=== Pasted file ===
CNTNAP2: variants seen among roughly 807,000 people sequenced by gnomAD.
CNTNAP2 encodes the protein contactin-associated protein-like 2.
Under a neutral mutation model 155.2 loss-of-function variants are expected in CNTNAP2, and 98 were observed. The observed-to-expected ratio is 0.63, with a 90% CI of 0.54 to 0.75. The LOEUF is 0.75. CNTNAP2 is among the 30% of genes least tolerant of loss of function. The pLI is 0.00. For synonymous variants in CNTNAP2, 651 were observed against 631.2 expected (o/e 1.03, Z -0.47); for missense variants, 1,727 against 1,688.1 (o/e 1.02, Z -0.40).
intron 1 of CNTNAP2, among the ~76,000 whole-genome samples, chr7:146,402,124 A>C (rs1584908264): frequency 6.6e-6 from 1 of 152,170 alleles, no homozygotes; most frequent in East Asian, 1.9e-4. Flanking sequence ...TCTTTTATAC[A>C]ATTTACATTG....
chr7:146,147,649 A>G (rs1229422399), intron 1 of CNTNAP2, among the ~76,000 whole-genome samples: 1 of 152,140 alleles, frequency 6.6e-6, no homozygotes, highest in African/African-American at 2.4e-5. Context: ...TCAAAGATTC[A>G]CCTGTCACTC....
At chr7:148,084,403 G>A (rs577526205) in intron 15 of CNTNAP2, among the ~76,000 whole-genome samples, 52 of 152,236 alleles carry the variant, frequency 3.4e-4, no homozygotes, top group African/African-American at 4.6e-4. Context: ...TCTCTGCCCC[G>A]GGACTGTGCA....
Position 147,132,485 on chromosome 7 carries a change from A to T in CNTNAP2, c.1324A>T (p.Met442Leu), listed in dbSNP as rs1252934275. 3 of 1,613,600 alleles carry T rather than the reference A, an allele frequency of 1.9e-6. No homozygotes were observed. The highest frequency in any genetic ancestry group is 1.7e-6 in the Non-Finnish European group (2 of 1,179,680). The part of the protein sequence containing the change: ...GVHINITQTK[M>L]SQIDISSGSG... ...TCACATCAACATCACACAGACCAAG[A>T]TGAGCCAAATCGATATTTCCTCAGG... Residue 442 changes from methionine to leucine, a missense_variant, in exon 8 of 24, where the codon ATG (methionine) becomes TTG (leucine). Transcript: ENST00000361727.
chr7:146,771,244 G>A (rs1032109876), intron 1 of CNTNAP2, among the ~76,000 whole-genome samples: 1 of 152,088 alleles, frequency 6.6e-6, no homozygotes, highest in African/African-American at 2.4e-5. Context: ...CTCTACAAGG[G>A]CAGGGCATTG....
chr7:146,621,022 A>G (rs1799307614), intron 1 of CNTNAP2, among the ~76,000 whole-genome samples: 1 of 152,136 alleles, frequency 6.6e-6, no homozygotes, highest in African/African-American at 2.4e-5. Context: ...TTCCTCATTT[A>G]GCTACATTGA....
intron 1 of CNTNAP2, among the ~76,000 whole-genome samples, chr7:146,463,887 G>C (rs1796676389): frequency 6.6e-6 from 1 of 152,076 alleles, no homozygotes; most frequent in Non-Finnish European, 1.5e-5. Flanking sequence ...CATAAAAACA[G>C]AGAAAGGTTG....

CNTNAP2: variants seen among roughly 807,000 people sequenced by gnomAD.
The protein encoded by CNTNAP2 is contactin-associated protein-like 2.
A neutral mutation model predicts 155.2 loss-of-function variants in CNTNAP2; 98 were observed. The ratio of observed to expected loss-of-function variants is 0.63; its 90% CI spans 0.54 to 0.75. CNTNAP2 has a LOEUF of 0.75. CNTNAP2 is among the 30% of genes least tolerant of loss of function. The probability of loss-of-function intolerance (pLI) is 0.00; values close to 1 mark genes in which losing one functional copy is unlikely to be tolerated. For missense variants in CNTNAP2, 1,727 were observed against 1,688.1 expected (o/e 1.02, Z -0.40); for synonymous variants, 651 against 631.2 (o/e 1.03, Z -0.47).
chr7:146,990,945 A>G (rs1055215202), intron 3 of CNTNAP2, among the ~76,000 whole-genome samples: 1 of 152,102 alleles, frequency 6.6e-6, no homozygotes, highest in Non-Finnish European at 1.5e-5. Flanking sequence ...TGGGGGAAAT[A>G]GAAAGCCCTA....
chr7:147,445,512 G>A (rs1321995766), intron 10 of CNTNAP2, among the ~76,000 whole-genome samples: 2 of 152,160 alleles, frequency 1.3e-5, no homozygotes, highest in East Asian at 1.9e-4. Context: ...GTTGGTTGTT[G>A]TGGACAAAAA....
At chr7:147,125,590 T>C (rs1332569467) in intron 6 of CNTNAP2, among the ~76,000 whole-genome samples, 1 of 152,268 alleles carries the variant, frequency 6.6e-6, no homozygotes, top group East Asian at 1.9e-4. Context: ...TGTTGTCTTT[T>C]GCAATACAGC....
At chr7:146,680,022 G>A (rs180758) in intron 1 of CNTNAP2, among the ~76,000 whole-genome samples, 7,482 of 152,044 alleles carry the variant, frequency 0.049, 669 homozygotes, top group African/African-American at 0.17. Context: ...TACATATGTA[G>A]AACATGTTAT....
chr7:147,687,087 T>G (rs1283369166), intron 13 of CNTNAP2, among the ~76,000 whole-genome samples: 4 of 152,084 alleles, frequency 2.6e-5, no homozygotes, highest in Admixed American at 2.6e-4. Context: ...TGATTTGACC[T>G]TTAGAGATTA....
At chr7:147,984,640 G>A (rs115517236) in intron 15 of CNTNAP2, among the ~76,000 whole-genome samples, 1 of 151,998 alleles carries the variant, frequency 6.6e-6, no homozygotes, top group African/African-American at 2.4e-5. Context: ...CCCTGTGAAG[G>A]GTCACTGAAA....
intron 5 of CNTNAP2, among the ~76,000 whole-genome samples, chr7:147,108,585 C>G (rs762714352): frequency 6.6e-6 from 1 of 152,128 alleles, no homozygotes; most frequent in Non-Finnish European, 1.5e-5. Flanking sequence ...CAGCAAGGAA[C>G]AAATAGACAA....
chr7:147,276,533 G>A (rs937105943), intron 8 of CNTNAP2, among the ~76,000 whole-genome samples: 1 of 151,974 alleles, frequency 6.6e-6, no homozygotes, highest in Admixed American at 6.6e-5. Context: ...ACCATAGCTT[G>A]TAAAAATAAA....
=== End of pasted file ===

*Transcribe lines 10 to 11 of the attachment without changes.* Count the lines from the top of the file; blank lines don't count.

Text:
intron 1 of CNTNAP2, among the ~76,000 whole-genome samples, chr7:146,463,887 G>C (rs1796676389): frequency 6.6e-6 from 1 of 152,076 alleles, no homozygotes; most frequent in Non-Finnish European, 1.5e-5. Flanking sequence ...CATAAAAACA[G>C]AGAAAGGTTG....

CNTNAP2: variants seen among roughly 807,000 people sequenced by gnomAD.